Monday, October 11, 2010

Rick Sanchez, Jon Stewart, and Minority Status

Now that Rick Sanchez is making all the right apologies and saying all the "right" things, he is angling to get his job back with CNN.

If you haven't been following this one, Sanchez went after "Daily Show" host Jon Stewart during a radio interview, implying that Stewart could not possibly understand how someone like Sanchez, a minority member, felt as an American professional. Sanchez did not stop there, however -- he went on to say that because the people who run media organizations are "culturally similar to Stewart" (read: Jewish) that Stewart had the upper-hand. Sanchez even went further, questioning whether a group of people with disproportionately high education and wealth could be considered an oppressed minority in America.

My first reaction to all this is that I never heard Jon Stewart describe himself as a member of an oppressed American minority group.

My next reaction, though, is to turn some of this back on Sanchez -- as a wealthy, good-looking, light-skinned guy who came to the U.S. at age 2 and speaks unaccented English, just exactly whose boot is on this guy's head? If America is such a terrible place, and the *other* Americans are so out to get him, how did he walk away from drunk driving situation in which he left the scene of an accident and the *other* guy eventually died?

One of my long-term fears for our country is that we're going to allow certain people to write blank checks for self-indulgence and thus stifle all debate and sense of personal responsibility. At some point, no matter what you've gone through -- racial discrimination, accent discrimination, PTSD from a war zone, physical disability, disease, accidents, unemployment/job frustration, divorce/separation, drug addiction, and so on -- it's important that people be empathetic -- but only to a point.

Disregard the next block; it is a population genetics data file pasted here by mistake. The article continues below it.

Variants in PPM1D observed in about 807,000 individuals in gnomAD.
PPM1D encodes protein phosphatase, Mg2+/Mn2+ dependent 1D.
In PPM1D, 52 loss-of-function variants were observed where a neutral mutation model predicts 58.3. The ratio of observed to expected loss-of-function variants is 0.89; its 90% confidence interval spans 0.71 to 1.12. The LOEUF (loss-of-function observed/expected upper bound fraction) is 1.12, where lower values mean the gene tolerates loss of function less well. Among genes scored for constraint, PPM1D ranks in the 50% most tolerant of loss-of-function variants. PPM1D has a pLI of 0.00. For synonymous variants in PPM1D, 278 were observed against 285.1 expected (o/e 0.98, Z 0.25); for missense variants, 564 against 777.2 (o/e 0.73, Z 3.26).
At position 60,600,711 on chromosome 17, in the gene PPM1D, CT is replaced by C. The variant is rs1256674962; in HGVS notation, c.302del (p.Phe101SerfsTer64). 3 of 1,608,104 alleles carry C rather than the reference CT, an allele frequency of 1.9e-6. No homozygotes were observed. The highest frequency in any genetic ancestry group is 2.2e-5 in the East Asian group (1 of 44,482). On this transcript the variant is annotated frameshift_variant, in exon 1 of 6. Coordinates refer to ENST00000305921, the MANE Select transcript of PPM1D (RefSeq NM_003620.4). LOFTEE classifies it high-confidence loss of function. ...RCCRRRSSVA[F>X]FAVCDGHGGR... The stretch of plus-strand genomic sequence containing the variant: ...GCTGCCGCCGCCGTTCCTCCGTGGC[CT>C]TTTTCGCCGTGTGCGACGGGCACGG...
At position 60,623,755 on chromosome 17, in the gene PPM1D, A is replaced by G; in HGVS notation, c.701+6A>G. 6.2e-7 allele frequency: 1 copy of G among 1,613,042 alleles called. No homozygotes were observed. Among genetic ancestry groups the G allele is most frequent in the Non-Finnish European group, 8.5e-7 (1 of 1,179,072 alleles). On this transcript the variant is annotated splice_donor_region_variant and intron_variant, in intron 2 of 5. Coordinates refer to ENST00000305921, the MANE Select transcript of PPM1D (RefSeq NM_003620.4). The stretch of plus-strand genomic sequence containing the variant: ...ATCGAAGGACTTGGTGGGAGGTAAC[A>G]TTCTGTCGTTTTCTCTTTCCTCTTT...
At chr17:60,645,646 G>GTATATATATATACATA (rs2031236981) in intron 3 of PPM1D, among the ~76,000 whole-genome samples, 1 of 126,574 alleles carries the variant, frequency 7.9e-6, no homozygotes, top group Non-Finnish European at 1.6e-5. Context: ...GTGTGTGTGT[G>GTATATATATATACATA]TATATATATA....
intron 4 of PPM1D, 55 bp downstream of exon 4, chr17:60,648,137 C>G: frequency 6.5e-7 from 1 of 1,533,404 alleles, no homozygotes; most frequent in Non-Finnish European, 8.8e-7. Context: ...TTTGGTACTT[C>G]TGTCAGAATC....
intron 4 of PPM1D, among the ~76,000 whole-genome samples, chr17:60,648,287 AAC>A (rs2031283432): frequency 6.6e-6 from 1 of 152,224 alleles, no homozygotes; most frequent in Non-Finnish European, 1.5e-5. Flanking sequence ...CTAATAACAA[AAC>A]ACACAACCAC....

Because from this author's vantage point, there's only so much empathy I can extend to a highly-pampered, vain millionaire with a mediocre level of talent. I *get* that he has overcome difficulties in his life, but that doesn't make him automatically right...or CNN automatically wrong.

If it did, wouldn't that be a little bit condescending? Bringing kid gloves and allowing an automatic *halo* around any figure who can check the right status boxes seems like the furthest thing from equal treatment that I can imagine.

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